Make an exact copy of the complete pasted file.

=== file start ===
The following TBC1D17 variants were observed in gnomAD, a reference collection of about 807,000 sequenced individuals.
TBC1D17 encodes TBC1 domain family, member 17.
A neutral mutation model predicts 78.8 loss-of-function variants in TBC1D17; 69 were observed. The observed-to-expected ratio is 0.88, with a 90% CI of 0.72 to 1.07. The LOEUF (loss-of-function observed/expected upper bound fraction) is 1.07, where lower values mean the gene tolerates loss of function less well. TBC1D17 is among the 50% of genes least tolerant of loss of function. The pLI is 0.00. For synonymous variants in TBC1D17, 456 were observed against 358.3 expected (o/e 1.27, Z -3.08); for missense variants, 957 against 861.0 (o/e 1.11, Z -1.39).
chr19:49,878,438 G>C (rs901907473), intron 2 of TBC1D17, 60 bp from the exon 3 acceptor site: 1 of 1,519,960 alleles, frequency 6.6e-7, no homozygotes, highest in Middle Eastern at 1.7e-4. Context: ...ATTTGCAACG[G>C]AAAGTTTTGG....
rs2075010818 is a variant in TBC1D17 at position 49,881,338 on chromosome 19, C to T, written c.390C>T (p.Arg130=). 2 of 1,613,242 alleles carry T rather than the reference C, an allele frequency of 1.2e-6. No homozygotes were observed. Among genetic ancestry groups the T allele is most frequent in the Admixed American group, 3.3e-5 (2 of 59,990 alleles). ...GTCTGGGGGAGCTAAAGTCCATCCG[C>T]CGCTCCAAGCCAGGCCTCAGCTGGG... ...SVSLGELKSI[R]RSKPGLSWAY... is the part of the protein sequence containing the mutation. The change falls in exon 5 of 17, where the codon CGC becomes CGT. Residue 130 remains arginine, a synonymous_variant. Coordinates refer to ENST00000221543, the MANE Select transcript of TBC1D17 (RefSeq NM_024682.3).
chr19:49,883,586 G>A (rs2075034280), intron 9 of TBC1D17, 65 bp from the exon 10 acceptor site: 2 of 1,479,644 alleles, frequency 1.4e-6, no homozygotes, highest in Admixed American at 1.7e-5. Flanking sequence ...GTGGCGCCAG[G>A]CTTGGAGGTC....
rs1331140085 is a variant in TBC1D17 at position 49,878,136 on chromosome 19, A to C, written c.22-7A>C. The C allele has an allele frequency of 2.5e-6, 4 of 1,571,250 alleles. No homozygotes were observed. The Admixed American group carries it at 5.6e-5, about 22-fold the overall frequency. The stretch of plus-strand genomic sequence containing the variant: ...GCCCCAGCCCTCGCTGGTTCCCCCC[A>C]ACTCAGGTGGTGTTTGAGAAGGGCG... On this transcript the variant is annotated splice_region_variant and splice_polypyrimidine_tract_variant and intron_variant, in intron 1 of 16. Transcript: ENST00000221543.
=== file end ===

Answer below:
The following TBC1D17 variants were observed in gnomAD, a reference collection of about 807,000 sequenced individuals.
TBC1D17 encodes TBC1 domain family, member 17.
A neutral mutation model predicts 78.8 loss-of-function variants in TBC1D17; 69 were observed. The observed-to-expected ratio is 0.88, with a 90% CI of 0.72 to 1.07. The LOEUF (loss-of-function observed/expected upper bound fraction) is 1.07, where lower values mean the gene tolerates loss of function less well. TBC1D17 is among the 50% of genes least tolerant of loss of function. The pLI is 0.00. For synonymous variants in TBC1D17, 456 were observed against 358.3 expected (o/e 1.27, Z -3.08); for missense variants, 957 against 861.0 (o/e 1.11, Z -1.39).
chr19:49,878,438 G>C (rs901907473), intron 2 of TBC1D17, 60 bp from the exon 3 acceptor site: 1 of 1,519,960 alleles, frequency 6.6e-7, no homozygotes, highest in Middle Eastern at 1.7e-4. Context: ...ATTTGCAACG[G>C]AAAGTTTTGG....
rs2075010818 is a variant in TBC1D17 at position 49,881,338 on chromosome 19, C to T, written c.390C>T (p.Arg130=). 2 of 1,613,242 alleles carry T rather than the reference C, an allele frequency of 1.2e-6. No homozygotes were observed. Among genetic ancestry groups the T allele is most frequent in the Admixed American group, 3.3e-5 (2 of 59,990 alleles). ...GTCTGGGGGAGCTAAAGTCCATCCG[C>T]CGCTCCAAGCCAGGCCTCAGCTGGG... ...SVSLGELKSI[R]RSKPGLSWAY... is the part of the protein sequence containing the mutation. The change falls in exon 5 of 17, where the codon CGC becomes CGT. Residue 130 remains arginine, a synonymous_variant. Coordinates refer to ENST00000221543, the MANE Select transcript of TBC1D17 (RefSeq NM_024682.3).
chr19:49,883,586 G>A (rs2075034280), intron 9 of TBC1D17, 65 bp from the exon 10 acceptor site: 2 of 1,479,644 alleles, frequency 1.4e-6, no homozygotes, highest in Admixed American at 1.7e-5. Flanking sequence ...GTGGCGCCAG[G>A]CTTGGAGGTC....
rs1331140085 is a variant in TBC1D17 at position 49,878,136 on chromosome 19, A to C, written c.22-7A>C. The C allele has an allele frequency of 2.5e-6, 4 of 1,571,250 alleles. No homozygotes were observed. The Admixed American group carries it at 5.6e-5, about 22-fold the overall frequency. The stretch of plus-strand genomic sequence containing the variant: ...GCCCCAGCCCTCGCTGGTTCCCCCC[A>C]ACTCAGGTGGTGTTTGAGAAGGGCG... On this transcript the variant is annotated splice_region_variant and splice_polypyrimidine_tract_variant and intron_variant, in intron 1 of 16. Transcript: ENST00000221543.